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The Tenants’ Movement: incorporation and independence

Sarah Glynn 2010

This paper was written for The Glasgow Papers: Critical perspectives on community development, edited by Akwugo Emejulu and Mae Shaw, Community Development Journal

At the beginning of this century, the participation of local authority and housing association tenants in the management of their homes was enshrined in law in the Housing (Scotland) Act 2001. But what might appear at first sight to be a long overdue recognition of tenant power, has proved in practice to be a highly effective managerial tool in the hands of the local and national state and social landlords. As the chairman of the Scottish Tenants’ Organisation points out, the legislation was framed in terms of a duty on the landlord rather than rights for the tenants,[1] and landlords have been able to use the system to their advantage. Almost a century on from the mass rent strikes of 1915, when organised Scottish tenants played a major part in the movement that forced the British government to introduce rent control and - eventually - subsidised public housing, anything that could be described as a tenants’ movement has shrunk to a few handfuls of campaigners. There are many tenants’ organisations, but even a quick glance suggests that all is not what it seems. Half the tenants’ organisations registered with my local council – Dundee - give a council employee as their main contact, and half the rest list a council employee as a source for further information.

What is happening is not unique to the tenants’ movement. It is symptomatic of the growing use of new forms of local governance to incorporate potential sources of resistance and limit debate. New ‘partnership’ structures function as part of a management strategy, geared towards the implementation and strengthening of policies consistent with hegemonic neoliberal economic practice. This article looks at this process at work, drawing on my own experience in Dundee. For the last five years, I have been involved as an activist and researcher with council tenants campaigning against the demolition of their homes, and I am currently acting as secretary of the residents’ association formed by the remaining tenants in two multi story blocks in Derby Street. The use of this example is not meant to suggest that the situation in Dundee is either worse or better than elsewhere. I am sure that tenants and activists in other places will recognise familiar patterns in this account. Housing association tenants may also find themselves incorporated into the system of management through becoming members of the housing association board, where they are legally bound to keep discussion confidential and to prioritise the interests of the association. Tenants of private landlords are not even covered by the law on tenant participation – despite the recent emphasis on increasing private renting.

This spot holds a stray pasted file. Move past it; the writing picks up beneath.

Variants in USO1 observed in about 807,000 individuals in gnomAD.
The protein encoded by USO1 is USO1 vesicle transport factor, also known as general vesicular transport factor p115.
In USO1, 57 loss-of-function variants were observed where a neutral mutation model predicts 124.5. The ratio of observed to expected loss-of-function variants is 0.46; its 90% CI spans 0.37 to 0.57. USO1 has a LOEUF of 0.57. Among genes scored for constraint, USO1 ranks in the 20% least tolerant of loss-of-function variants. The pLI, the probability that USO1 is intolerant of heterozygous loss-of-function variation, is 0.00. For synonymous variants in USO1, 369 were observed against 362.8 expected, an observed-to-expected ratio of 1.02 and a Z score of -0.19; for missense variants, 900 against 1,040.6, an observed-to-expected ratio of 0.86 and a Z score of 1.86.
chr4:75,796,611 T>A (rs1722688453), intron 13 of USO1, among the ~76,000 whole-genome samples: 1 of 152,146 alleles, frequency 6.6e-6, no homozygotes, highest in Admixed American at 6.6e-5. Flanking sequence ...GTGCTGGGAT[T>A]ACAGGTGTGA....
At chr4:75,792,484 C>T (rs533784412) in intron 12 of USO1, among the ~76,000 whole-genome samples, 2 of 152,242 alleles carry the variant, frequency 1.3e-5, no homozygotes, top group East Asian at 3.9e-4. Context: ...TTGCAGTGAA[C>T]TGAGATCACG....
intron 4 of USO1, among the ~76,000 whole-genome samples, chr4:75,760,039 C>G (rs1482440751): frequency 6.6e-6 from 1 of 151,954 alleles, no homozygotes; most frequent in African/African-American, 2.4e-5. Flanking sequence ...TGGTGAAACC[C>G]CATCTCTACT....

In Dundee, the body that the city council consults in order to fulfil its duties under the 2001 Act with respect to the participation of its tenants, is the Dundee Federation of Tenants’ Associations, and this has become the conduit for the implementation of all council policy affecting its tenants. The Federation is also quoted in the local press as the voice of the city’s council tenants, although only a very small proportion of tenants have any interaction with it. It exemplifies the new form of organisation promoted by partnership governance, and it receives generous funding from the council – although, since this comes from the housing revenue account it is in effect paid for by Dundee’s council tenants.

When, six years ago, the city council agreed to undertake an initial consultative vote on the possibility of transferring its housing stock to a housing association, it was the Federation that organised the consultation. Stock transfer votes have become notorious examples of the abuse of democracy. Tenants have a legal right to vote on the change of landlord, but in recent years they have been told that investment in their homes is contingent on their voting ‘yes’ to transfer, and huge sums of public money have been spent promoting transfer campaigns. Despite this, there have been growing numbers of ‘no’ votes as a result of concerted grass-roots campaigns that hope, ultimately, to change the system so as to allow direct investment in council housing. In agreeing to organise Dundee’s consultation, the Federation ruled itself out of taking a critical or campaigning role that might challenge the rules of the game. And, in setting out the limited options available within those rules, its newsletter suggested that transfer was the only option. It was left to independent activists to put the case against transfer and win a two to one vote against taking the process any further.

Through avoiding taking up a critical position, the Federation effectively supports the status quo. This was demonstrated again a couple of years ago when a group of us formed Dundee Independent Housing Action Group in response to the then council administration’s dismal record on housing, which had been headlining the local paper. We arranged a public meeting and sent an invitation to the Federation, but they refused to attend on the grounds that the meeting was ‘political’.